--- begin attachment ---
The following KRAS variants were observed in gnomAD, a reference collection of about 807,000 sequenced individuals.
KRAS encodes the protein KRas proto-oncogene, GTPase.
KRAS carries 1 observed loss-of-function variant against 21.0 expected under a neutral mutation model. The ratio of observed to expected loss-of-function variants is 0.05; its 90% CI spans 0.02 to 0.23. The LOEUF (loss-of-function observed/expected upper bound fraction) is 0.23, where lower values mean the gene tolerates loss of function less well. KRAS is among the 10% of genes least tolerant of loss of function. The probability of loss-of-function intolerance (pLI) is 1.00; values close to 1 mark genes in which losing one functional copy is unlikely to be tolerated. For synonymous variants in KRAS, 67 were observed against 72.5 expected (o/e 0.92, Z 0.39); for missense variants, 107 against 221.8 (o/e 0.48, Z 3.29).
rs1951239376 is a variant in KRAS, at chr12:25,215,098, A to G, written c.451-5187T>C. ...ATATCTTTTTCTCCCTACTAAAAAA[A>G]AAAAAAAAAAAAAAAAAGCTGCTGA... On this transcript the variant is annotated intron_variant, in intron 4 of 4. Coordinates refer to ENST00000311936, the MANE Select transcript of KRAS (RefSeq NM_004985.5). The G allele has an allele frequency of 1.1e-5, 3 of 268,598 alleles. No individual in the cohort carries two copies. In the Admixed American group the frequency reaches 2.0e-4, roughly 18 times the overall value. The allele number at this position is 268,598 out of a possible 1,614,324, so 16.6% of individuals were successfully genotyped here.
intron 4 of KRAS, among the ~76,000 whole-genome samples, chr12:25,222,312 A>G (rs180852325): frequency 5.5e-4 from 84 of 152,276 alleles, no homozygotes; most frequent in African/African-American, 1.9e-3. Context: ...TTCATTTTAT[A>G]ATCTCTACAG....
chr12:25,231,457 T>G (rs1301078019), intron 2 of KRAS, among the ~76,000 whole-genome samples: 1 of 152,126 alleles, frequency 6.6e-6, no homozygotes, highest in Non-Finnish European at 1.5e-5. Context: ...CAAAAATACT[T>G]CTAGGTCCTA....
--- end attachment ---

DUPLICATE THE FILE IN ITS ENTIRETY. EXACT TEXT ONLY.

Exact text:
The following KRAS variants were observed in gnomAD, a reference collection of about 807,000 sequenced individuals.
KRAS encodes the protein KRas proto-oncogene, GTPase.
KRAS carries 1 observed loss-of-function variant against 21.0 expected under a neutral mutation model. The ratio of observed to expected loss-of-function variants is 0.05; its 90% CI spans 0.02 to 0.23. The LOEUF (loss-of-function observed/expected upper bound fraction) is 0.23, where lower values mean the gene tolerates loss of function less well. KRAS is among the 10% of genes least tolerant of loss of function. The probability of loss-of-function intolerance (pLI) is 1.00; values close to 1 mark genes in which losing one functional copy is unlikely to be tolerated. For synonymous variants in KRAS, 67 were observed against 72.5 expected (o/e 0.92, Z 0.39); for missense variants, 107 against 221.8 (o/e 0.48, Z 3.29).
rs1951239376 is a variant in KRAS, at chr12:25,215,098, A to G, written c.451-5187T>C. ...ATATCTTTTTCTCCCTACTAAAAAA[A>G]AAAAAAAAAAAAAAAAAGCTGCTGA... On this transcript the variant is annotated intron_variant, in intron 4 of 4. Coordinates refer to ENST00000311936, the MANE Select transcript of KRAS (RefSeq NM_004985.5). The G allele has an allele frequency of 1.1e-5, 3 of 268,598 alleles. No individual in the cohort carries two copies. In the Admixed American group the frequency reaches 2.0e-4, roughly 18 times the overall value. The allele number at this position is 268,598 out of a possible 1,614,324, so 16.6% of individuals were successfully genotyped here.
intron 4 of KRAS, among the ~76,000 whole-genome samples, chr12:25,222,312 A>G (rs180852325): frequency 5.5e-4 from 84 of 152,276 alleles, no homozygotes; most frequent in African/African-American, 1.9e-3. Context: ...TTCATTTTAT[A>G]ATCTCTACAG....
chr12:25,231,457 T>G (rs1301078019), intron 2 of KRAS, among the ~76,000 whole-genome samples: 1 of 152,126 alleles, frequency 6.6e-6, no homozygotes, highest in Non-Finnish European at 1.5e-5. Context: ...CAAAAATACT[T>G]CTAGGTCCTA....